Creating Shared Value in the Times of COVID-19

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Stefan Phang
Director for Sustainability & Corporate Social Responsibility
Dec 22, 2020

2020 has been a tough year for all of us, no doubt…But at the same time, 2020 has been a year full of new paradigms, that I never thought would happen. For example, I would have never imagined that I could walk into a bank wearing a ‘face mask’ and ask for money from the lady over the counter. I would have never imagined that more alcohol could touch my hands than my lips. A year where the exhortation “Stay Negative” means something better than “Be Positive”…


But in all seriousness, COVID-19 hit a lot of our communities very hard. Many were in lockdowns in cities across the world. Not all lockdowns were created equal. The ones living in crowded slums, in trash dumps and landfill communes and poor villages suffered more than the average city-dweller in high rise apartments or landed houses.


For example, over the years we have helped to support two trash dump communities in Indonesia through our Creating Shared Value (CSV) programs such as Soap For Hope and Linens For Life. One community is in Batam, the other is in Bali. These two islands rely a great deal on tourism, and with tourists, rubbish and trash are aplenty. The people in these communities work as trash pickers and salvage reusable or recyclable rubbish to be sold. During the pandemic, the tourism sector crashed and with it, the amount of trash was also significantly reduced. With lesser amount of trash to be salvaged, the income of the trash pickers went down as well.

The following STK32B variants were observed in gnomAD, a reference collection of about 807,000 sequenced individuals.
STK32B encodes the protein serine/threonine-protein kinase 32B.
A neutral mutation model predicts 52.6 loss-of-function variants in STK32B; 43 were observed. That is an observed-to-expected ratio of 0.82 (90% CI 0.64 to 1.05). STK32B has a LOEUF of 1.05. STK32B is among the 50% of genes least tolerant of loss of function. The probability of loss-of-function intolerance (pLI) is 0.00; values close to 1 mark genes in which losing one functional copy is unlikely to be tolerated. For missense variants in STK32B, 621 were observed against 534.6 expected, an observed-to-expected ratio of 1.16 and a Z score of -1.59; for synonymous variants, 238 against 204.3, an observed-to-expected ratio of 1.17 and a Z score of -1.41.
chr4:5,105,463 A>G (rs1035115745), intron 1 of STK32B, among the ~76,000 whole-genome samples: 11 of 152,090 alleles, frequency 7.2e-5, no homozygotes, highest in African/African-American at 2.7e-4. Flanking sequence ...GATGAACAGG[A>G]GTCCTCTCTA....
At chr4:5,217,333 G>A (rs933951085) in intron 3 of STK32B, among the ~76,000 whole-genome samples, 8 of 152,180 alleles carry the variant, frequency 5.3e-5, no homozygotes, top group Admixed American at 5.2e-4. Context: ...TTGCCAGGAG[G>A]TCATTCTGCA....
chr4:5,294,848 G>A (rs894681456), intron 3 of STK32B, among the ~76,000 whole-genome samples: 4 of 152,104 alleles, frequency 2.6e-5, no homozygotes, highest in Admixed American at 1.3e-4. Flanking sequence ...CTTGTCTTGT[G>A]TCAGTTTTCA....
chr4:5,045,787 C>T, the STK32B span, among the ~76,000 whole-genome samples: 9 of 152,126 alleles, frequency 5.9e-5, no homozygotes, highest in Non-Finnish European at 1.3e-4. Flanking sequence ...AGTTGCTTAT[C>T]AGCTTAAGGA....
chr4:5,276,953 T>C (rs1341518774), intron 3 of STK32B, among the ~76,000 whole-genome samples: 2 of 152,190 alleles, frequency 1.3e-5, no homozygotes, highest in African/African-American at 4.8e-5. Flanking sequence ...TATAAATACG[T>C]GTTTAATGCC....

The situation got so bad that people were having to make decisions between buying food or buying a face mask, and families having to survive on one meal per person on every alternate days.


When countries closed their borders, tourism was hit badly. Hotels had to be closed temporarily or operated with very low occupancy rates. We have run the Soap For Hope program with hotels since 2013, and we depend on the hotels to supply us with the used guest soaps. With zero or very low occupancy rates, there were very little soaps to be recycled. Fortunately, most Soap For Hope communities had a stockpile of soaps collected from the previous year, so we had enough soaps to be up-cycled and distributed to many communities. Soaps were distributed to communities from Iguazu in Argentina, to Petra in Jordan, slums across India and Sri Lanka and villages in South East Asia. Even in Singapore, we distributed Soap For Hope soaps to the migrant communities which were under stringent quarantine during the time when COVID-19 had spread through the dormitories they were staying in.